“we’re getting results in a matter of minutes and its just great to see it all working straight off. Boujou takes the tedium out of match moving”
-Will Bylkes Head of Aardman’s CG dept.
FXGuide caught up with Chris Steele CEO of 2d3D recently to discuss their market leading Boujou tracking software and sneak a peak at their new “Pixel Dust” product.
Boujou created quite a storm when it released its first version of its automatic image tracking software. While others were using manually finding 8 to 12 trackers to match move shots, boujou produced a revolutionary fully automatic tracker that used hundreds of trackers to automatically track shots. It has been used widely and “very successfully in such films as Black Hawk Down”, comments CEO Chris Steele.
Privately stated to be “several years ahead” of the big manufacturers in automated image tracking technology, 2d3D have now released version 2 of their boujou software. Version 2 contains intervention capabilities include features designed to maximise the potential of the automated tracking engine for solving tough shots. New feature-location and track editing tools such as Gold Tracks allow the user to guide the processing of heavily stylised or compound camera moves and to apply the power of the automated tracking with manual assistence – “solving a major problem users experienced with version 1, namely you either got a successful solution or you didn’t , there was no ability to treak the results”, says Steele.
Gold Tracks allows animators and composite artists to give priority to individual feature tracks created by the automatic tracking engine, by the new interactive frame-to-frame tracking feature. Tracks prioritised as Gold Tracks influence the action of the automatic tracking at both the feature tracking and camera tracking stages and can also be used by boujou’s statistical analysis engine to flag individual areas of the image for more detailed processing.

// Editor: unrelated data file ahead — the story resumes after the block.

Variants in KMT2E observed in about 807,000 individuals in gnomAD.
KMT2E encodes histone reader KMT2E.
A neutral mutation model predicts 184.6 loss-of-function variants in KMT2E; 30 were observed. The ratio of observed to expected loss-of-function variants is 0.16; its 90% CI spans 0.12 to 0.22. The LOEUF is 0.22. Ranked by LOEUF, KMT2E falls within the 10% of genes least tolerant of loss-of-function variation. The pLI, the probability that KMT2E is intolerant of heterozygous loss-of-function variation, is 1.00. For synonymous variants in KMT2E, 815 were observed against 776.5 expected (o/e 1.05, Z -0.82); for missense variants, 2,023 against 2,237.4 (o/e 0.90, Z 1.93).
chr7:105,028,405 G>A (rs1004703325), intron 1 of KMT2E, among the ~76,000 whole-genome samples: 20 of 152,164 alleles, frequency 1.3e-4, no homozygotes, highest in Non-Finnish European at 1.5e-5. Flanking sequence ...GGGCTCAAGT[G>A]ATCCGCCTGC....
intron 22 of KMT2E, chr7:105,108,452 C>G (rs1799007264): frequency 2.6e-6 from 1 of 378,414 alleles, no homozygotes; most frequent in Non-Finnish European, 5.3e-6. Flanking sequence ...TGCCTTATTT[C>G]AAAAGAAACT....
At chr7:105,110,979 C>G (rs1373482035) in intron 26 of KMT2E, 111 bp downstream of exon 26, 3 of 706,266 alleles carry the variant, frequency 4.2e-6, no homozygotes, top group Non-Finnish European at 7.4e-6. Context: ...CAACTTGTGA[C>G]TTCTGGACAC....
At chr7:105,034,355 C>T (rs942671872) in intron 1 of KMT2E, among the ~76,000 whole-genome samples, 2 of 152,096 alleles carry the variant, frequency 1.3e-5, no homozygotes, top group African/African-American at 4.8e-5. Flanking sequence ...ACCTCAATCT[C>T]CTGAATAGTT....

* Created by being imported, created by hand, created by new interactive frame to frame tracking feature or from automatically created feature tracks
* Will always be included by boujou in the final solution
* Allow the user to help boujou when it does not produce the anticipated result automatically
* Allow the user to intervene only where necessary in a shot
* Do not need to be defined at every frame; they can exist for short periods of the shot or be defined in just a few frames over the entire length of the shot
* Can be used by boujou to guide both the automated feature tracking and camera tracking phases
* Can be used by boujou during the statistical analysis phase to guide the its first estimation, so allowing the user to help boujou get to the desired solution quicker
Boujou 2 also introduces new workflow enhancements. To deal with changing conditions within a shot, users can apply different parameters to subsets of frames, and track sections of the shot in any order. These features are particularly important when camera moves contain widely varying types of motion or when the much of the scene is obscured in part of the shot. Changing the local parameters for subsets of the shot allows boujou’s tracking engine to work in greater detail and with different criteria where necessary. boujou2 includes the ability to set the level of optimisation for the final camera solve in each subset to take account of the local conditions of the tracking task. To assist an iterative workflow, boujou2 re-tracks only the subsets of the shot after parameters have been adjusted, and then automatically joins all the sections into one continuous solve when the shot is finished. An example of this is if the frame was to flash to white during a flare, or have a sudden motion blurred camera hit or shake.